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Ex-governor seeking presidency again

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NASHVILLE, Tenn. -- Lamar Alexander, fighting in the shadows of front-running GOP stars, declared his presidential candidacy Tuesday by urging Republicans to look beyond familiar names. He belittled fellow Tennessean Al Gore on the Democratic side as President Clinton's "faithful assistant."

"This time the race is wide open," he said, pressing Republicans not to commit too early to George W. Bush or Elizabeth Dole. "There is no one whose 'turn' it is," Alexander said.Four years ago, it was Bob Dole's turn to win the Republican nomination -- after Alexander finished a strong third in the Iowa caucuses and a whisper behind the second-place Dole in the New Hampshire primary.

Promising better schools, higher family incomes and a stronger military, the former Tennessee governor said on Tuesday, "I am here this morning to declare that I will be a candidate for president of the United States. I am ready to help our country face the challenges of a new century."

He suggested that Bush, the Texas governor and early GOP favorite, is not as ready.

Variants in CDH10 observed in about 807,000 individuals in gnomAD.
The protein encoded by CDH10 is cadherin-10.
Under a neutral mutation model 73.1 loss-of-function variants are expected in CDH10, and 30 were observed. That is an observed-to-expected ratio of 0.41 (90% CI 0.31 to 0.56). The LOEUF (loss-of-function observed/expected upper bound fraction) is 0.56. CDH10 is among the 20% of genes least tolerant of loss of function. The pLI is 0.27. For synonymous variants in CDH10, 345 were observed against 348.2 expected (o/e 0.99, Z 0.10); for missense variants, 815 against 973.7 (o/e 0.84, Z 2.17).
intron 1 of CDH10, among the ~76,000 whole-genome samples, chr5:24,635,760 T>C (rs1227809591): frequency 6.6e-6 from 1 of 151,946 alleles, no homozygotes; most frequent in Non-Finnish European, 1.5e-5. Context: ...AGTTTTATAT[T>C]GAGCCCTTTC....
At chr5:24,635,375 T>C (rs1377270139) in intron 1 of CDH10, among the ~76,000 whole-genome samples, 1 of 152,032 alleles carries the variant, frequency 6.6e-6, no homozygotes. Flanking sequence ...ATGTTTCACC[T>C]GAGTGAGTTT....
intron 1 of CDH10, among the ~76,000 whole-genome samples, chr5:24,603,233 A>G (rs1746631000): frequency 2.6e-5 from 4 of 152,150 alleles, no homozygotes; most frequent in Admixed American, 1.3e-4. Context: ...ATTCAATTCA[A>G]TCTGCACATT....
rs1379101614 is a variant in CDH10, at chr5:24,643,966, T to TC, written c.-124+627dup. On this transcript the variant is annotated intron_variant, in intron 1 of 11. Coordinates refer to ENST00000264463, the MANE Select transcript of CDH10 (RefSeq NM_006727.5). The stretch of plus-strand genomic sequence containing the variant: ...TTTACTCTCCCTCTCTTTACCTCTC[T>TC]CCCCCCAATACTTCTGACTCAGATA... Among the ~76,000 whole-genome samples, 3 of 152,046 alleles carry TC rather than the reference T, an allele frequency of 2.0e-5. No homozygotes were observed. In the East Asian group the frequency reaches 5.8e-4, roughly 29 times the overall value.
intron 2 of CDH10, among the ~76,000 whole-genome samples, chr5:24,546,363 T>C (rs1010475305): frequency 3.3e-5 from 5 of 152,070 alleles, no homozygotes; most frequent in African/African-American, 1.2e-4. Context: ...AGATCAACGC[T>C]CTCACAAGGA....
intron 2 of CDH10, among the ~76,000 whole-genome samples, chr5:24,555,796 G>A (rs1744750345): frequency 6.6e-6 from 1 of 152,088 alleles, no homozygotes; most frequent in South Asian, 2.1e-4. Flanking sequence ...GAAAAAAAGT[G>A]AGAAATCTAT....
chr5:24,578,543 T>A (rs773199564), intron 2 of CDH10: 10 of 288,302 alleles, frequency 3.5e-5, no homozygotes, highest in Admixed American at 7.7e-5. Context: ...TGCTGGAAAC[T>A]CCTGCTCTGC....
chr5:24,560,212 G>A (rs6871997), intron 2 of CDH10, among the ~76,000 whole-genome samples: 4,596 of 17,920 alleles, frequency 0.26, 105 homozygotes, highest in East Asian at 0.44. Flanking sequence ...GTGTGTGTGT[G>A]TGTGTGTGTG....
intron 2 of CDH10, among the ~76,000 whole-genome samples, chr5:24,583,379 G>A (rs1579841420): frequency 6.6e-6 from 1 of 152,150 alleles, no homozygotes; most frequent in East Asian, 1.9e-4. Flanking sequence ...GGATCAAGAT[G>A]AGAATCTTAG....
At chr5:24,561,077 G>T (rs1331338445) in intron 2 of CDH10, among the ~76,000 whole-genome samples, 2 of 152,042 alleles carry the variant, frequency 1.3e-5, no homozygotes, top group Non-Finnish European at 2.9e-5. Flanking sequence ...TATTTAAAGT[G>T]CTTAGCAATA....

"The new president should be someone who wants it, someone who is well prepared for the job and someone who knows from the first day that he or she is in office exactly what they will do," said Alexander, a former education secretary who has been running for president since the day he dropped out of the race in 1996.

He didn't mention Bush by name, but aides said the Texas governor was the main target of his remarks.

Alexander, 58, also blasted Clinton and "his faithful assistant," Vice President Gore, the most likely Democratic nominee. "They have given us what their polls show them, but that's not leadership," he said.

The Clinton-Gore "magic show" has disguised failing schools, bigger bureaucracies, weakening national defense and deepening racial polarization, Alexander said.

"Our standards of right and wrong have sunk to a new low," he said. The first president of the 21st century must lay "a moral foundation." He did not refer directly to the Monica Lewinsky inquiry or any other specific moral problem.

Alexander, who took over as Tennessee governor in 1979 from a scandal-ridden administration, delivered his speech in the state Capitol's old Supreme Court room. Several hundred well-wishers filled the tiny room, their applause echoing off the chamber's marble walls.

He is to be endorsed Wednesday by Tennessee's GOP senators, Bill Frist and Fred Thompson.

Alexander, who announced his candidacy last time wearing a bright plaid shirt, wore a business suit this year.